Brown, Rachel Manija, and Sherwood Smith. Stranger. New York: Viking, 2014.
Stranger is genre-crossing, told from five separate points of view, and written in collaboration by two writers, but there’s nothing rambling or uneven about it. In fact, the excellent writing and fascinating plot kept me turning pages and holding my breath.
In a post apocalyptic world, a mutation caused curious changes in the ecosystem, giving squirrels telekinetic abilities and creating crystalline trees that kill people with their shards. Some humans changed, too. In the town of Las Anclas, the sheriff has superhuman strength and the doctor can alter time to heal patients faster. Continue reading
Hopkins, Ellen. The You I’ve Never Known. New York: Margaret K. McElderry Books, 2017.
Ariel and her father have been on the move since her mother left when she was two years old, never staying long in one place. Now, at seventeen, they have finally settled in a town where Ariel can make friends and go to school. She’s flourishing with academics and sports and cautiously exploring first love with her best friend Monica. Continue reading
Le Guin, Ursula K. The Telling. New York: Harcourt, 2000.
Sutty, an (Anglo-Indian and lesbian) ethnographer representing a peaceful interstellar confederation, travels to Aka to initiate diplomatic relations. Continue reading
Frankel, Laurie. This is How it Always Is. New York: Flatiron Books, 2017.
Emergency room doctor Rosie and novelist Penn live a busy, happy life with their five rambunctious sons in Wisconsin. When their youngest, Claude, puts on a dress and doesn’t want to take it off, the family takes it in stride, encouraging his imaginative play and supporting his right to be who he is. But just before Claude starts kindergarten, he announces that he wants to wear dresses and bring a purse to school. He isn’t a boy after all; he wants to be a girl when he grows up. Continue reading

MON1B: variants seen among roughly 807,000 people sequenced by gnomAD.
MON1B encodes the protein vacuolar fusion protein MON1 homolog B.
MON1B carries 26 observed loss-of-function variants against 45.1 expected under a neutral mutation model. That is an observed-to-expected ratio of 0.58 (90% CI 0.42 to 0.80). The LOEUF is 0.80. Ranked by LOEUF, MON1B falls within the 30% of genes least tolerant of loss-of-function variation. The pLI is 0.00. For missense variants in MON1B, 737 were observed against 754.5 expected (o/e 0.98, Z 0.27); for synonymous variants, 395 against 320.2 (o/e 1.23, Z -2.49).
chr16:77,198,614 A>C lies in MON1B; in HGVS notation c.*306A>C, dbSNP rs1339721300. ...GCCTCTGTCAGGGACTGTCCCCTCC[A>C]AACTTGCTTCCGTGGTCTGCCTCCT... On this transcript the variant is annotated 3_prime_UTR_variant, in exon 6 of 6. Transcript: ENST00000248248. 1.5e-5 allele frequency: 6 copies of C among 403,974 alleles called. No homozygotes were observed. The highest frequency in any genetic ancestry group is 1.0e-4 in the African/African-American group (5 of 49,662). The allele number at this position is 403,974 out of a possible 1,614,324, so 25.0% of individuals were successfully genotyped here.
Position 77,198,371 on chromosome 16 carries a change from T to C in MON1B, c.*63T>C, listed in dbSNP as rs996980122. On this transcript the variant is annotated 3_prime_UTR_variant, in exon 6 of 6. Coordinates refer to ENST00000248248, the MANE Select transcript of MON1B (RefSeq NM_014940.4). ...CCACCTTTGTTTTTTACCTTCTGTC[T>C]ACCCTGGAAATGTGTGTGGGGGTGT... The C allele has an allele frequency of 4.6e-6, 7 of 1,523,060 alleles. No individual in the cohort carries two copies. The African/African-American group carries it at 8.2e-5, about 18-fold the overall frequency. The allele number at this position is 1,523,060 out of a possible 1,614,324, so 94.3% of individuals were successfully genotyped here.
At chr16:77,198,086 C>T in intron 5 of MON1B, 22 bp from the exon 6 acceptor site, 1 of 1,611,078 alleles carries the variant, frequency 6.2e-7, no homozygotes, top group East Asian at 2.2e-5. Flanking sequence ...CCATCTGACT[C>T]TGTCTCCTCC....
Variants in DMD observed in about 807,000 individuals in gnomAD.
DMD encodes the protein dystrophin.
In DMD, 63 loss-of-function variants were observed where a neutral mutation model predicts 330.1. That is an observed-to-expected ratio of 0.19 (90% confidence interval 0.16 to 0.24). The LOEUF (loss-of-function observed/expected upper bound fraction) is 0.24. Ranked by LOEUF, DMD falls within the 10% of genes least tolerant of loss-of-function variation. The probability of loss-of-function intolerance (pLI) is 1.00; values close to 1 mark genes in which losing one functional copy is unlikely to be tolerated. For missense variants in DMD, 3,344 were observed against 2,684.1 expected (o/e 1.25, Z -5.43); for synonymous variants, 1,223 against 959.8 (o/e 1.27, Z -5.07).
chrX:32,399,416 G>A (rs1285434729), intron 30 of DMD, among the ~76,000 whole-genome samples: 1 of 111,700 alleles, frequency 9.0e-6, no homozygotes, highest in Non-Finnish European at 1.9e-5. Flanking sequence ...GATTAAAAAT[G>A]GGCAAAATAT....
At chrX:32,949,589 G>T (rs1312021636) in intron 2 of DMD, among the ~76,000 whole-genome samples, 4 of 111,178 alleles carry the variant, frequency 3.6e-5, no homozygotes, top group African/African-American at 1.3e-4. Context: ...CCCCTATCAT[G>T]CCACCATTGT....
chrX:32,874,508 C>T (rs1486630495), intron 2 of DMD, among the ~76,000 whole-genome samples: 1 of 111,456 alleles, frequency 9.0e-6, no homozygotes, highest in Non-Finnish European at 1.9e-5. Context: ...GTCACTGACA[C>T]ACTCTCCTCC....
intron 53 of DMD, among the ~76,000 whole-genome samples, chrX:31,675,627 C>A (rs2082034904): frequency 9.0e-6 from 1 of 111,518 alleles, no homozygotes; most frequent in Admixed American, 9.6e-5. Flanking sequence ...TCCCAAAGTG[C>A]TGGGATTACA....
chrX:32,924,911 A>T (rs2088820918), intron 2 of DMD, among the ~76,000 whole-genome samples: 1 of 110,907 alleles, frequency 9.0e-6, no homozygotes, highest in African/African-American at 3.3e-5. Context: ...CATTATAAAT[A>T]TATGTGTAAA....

Greenidge, Kaitlyn. 2016. We Love You, Charlie Freeman. Chapel Hill: Algonquin Books.
This remarkable novel weaves together two narratives separated by 60 years, deftly illustrating the impact of racial bias on science and on Black families in America. Continue reading
Federle, Tim. The Great American Whatever. New York: Simon & Schuster, 2016.
Sixteen-year-old Quinn lives screenwriting. Every conversation is dialog; every movement is stage direction. He has been writing movies for years and his ambition is to win a screenplay contest to jumpstart his professional career. His sister directs the films he writes and together, they are an amazing team…Until she dies in a car accident and Quinn no longer knows what to do with his life or even how to take showers and leave the house. Continue reading